By Filippo Gilardi

The Metal 3D-printing method, wire-arc additive manufacturing (WAAM) is receiving increasing attention across multiple industries, where metal components are in use. To understand the use and capabilities of the technologies and their fields of application, this is a guide to provide a basic overview:



Wire arc additive manufacturing, in short WAAM, is a metal 3D printing technology in the subsection of direct energy deposition (DED). 3D printing, or Additive Manufacturing has found its way from prototyping into industrial application and final end products. In comparison to subtractive methods like milling and turning, material is added layer-by-layer such that only the material needed is used.

A large section in the Metal additive Manufacturing production is based on powder material. The usage of powder comes with certain drawbacks, as it is difficult to handle, a complex production process for uncommon alloys that requires substantial R&D, hardly recyclable and it is expensive. Powder based technologies can realise very refined sizes and geometrical details, but have a limitation in size, speed and come with significant investment and operational cost.


The build plate and the welding torch are connected to a power source generating a high velocity. When both poles are close to each other, the electric arc is started. Argon or other inert gases are blown through the welding device to control this process, creating the arc with a local temperature of over 2000 degrees. This is necessary to meld the metal. To do this, a metal wire is fed through the welding torch into the arc where the wire material is melted. This area of liquid metal is referred to as a “melt pool”, which will harden when the arc is removed. Moving the torch over the substrate with a very defined wire speed, distance and feed rate creates the weld line.

All parameters have to be precisely defined and define the core complexities for a stable welding process. The used wire defines the material of the object. Therefore, in theory, all weldable wires can be used for WAAM. The most commonly used metals are low and high steel alloys, like stainless or carbon steel. Similarly, copper or nickel-based alloys such as bronze or high-performance metals like invar, inconel or duplex are very weldable. Also, lightweight metals with different variants of Aluminum alloys can be achieved with WAAM. Although it is difficult to investigate the mechanical properties of the print at times, most mechanical properties are conserved throughout the process.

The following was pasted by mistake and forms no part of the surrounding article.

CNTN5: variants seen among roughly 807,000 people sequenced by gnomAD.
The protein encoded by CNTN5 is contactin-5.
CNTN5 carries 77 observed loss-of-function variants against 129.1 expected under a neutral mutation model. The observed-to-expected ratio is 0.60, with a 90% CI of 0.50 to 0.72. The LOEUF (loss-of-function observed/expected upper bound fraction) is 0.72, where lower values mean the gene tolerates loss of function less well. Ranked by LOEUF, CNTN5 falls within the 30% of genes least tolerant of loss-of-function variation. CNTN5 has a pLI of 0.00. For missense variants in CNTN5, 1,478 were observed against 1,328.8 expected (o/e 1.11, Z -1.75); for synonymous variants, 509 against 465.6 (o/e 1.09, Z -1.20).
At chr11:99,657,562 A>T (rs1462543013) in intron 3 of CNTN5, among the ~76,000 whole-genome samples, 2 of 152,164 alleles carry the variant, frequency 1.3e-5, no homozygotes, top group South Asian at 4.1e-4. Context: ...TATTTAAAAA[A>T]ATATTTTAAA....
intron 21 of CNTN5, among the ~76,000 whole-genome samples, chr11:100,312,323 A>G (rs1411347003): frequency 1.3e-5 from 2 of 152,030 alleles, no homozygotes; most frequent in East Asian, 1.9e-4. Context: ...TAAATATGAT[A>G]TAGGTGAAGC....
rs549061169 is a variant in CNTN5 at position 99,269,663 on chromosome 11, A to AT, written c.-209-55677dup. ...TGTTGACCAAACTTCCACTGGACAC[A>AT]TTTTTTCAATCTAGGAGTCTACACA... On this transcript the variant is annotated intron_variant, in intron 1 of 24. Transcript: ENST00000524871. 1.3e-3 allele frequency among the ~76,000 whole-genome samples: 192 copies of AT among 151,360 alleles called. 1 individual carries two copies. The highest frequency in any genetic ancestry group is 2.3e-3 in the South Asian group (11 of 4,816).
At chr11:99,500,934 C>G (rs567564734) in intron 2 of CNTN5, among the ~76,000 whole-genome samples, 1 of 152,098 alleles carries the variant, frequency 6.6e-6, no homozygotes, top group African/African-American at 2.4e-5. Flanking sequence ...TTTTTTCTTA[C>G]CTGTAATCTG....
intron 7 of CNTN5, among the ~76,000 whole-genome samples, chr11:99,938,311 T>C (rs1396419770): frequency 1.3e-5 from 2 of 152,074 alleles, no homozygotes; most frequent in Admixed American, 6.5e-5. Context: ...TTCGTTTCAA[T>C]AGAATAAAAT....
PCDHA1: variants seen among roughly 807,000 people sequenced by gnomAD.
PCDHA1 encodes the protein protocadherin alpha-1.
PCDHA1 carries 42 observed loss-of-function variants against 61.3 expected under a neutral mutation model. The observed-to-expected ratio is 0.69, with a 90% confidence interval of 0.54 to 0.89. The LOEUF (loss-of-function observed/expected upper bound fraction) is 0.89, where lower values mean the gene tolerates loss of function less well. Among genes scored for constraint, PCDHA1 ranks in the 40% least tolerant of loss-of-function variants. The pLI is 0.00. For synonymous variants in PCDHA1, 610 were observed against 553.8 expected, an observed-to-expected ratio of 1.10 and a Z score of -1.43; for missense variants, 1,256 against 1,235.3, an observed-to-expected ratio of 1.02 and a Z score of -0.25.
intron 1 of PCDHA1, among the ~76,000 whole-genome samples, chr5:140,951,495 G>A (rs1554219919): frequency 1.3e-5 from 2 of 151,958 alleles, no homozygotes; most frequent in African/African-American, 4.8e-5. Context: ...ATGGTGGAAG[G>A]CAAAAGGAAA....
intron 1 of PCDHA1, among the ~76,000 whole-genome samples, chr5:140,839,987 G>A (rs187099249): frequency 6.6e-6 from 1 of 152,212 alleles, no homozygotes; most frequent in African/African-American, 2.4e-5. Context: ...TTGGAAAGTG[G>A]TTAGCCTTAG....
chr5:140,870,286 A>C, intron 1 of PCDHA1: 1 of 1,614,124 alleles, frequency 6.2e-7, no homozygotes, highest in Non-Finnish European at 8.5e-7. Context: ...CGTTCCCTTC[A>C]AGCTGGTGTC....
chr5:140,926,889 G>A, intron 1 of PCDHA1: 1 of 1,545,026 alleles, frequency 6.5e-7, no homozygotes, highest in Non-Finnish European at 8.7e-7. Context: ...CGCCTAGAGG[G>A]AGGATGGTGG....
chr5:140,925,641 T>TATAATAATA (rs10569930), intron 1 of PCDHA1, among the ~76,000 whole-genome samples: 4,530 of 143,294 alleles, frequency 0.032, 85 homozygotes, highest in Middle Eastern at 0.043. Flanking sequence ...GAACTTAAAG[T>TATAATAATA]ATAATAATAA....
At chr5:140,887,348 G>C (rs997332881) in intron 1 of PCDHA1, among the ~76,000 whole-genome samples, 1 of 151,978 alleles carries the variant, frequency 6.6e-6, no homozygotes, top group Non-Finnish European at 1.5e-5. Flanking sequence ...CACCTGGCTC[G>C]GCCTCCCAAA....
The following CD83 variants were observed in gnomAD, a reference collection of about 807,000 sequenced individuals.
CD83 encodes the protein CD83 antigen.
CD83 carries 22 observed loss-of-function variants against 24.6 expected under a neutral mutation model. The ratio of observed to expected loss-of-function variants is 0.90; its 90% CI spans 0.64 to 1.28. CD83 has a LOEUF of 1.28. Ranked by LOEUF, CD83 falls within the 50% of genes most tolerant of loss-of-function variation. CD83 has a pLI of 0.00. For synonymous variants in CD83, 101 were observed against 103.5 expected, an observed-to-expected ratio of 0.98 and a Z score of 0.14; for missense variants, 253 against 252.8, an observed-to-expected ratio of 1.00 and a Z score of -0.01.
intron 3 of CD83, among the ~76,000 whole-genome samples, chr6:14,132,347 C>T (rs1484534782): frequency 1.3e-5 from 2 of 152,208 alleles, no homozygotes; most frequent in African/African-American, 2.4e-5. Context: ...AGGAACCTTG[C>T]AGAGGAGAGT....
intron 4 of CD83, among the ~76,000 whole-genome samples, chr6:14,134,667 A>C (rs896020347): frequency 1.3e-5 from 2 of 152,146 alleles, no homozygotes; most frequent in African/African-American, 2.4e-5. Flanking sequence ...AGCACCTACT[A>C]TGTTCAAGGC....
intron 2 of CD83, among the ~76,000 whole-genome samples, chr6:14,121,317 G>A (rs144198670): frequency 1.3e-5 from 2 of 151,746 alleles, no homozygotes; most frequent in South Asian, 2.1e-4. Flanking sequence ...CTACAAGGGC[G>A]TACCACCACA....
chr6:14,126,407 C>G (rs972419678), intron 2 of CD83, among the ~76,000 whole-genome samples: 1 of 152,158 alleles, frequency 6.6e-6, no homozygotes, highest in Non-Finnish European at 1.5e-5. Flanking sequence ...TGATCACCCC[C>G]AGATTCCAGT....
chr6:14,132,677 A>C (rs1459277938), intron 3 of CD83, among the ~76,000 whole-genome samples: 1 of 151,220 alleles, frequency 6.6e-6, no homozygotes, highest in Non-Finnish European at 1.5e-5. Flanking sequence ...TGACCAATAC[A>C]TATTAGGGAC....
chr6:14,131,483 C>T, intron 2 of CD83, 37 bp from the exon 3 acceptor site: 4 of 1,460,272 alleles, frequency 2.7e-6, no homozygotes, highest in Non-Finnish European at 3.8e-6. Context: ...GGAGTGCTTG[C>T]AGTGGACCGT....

WAAM is based on the traditional joining method of welding. Using a robotic controlled welding torch enables a precise deposition of a weld line onto a build plate (=substrate, base piece where the print begins). Continuing this process, the weld lines are stacked on top of each other and therefore create three dimensional objects.



The WAAM technology has evolved from a research-driven technology (TRL 2-4) in the early 2000s to an industry-ready 3D-printing alternative (TRL 8-9). Today’s applications of WAAM already make it a more economical production in certain use cases.

Due to its speed and size, WAAM is mostly considered with medium to large metal components that are difficult to produce conventionally.

On the one hand, this can be very specialised geometries like rudder blades, impellers or organic shapes. The main value is to make full use of the technology’s additive nature, enabling freeform or typology-optimised geometries that were impossible to produce efficiently. It also provides a geometry that is very close to the 3d-modelled design, giving new design freedoms for part construction.

On the other hand, WAAM has strong use cases for building parts that come with an intensive cost factor in producing them subtractively. Flanges, valves or moulds for tools can be very individual and diversified throughout their use in e.g. a power plant. The production of those parts is expensive due to high offcut materials or hardly available skilled labour, this comes with significant lead times or storing costs.
Hence, WAAM is a strong option to cut downtime and have new design freedoms also in large metal parts. This can be applied to multiple industries where these parts come into use.


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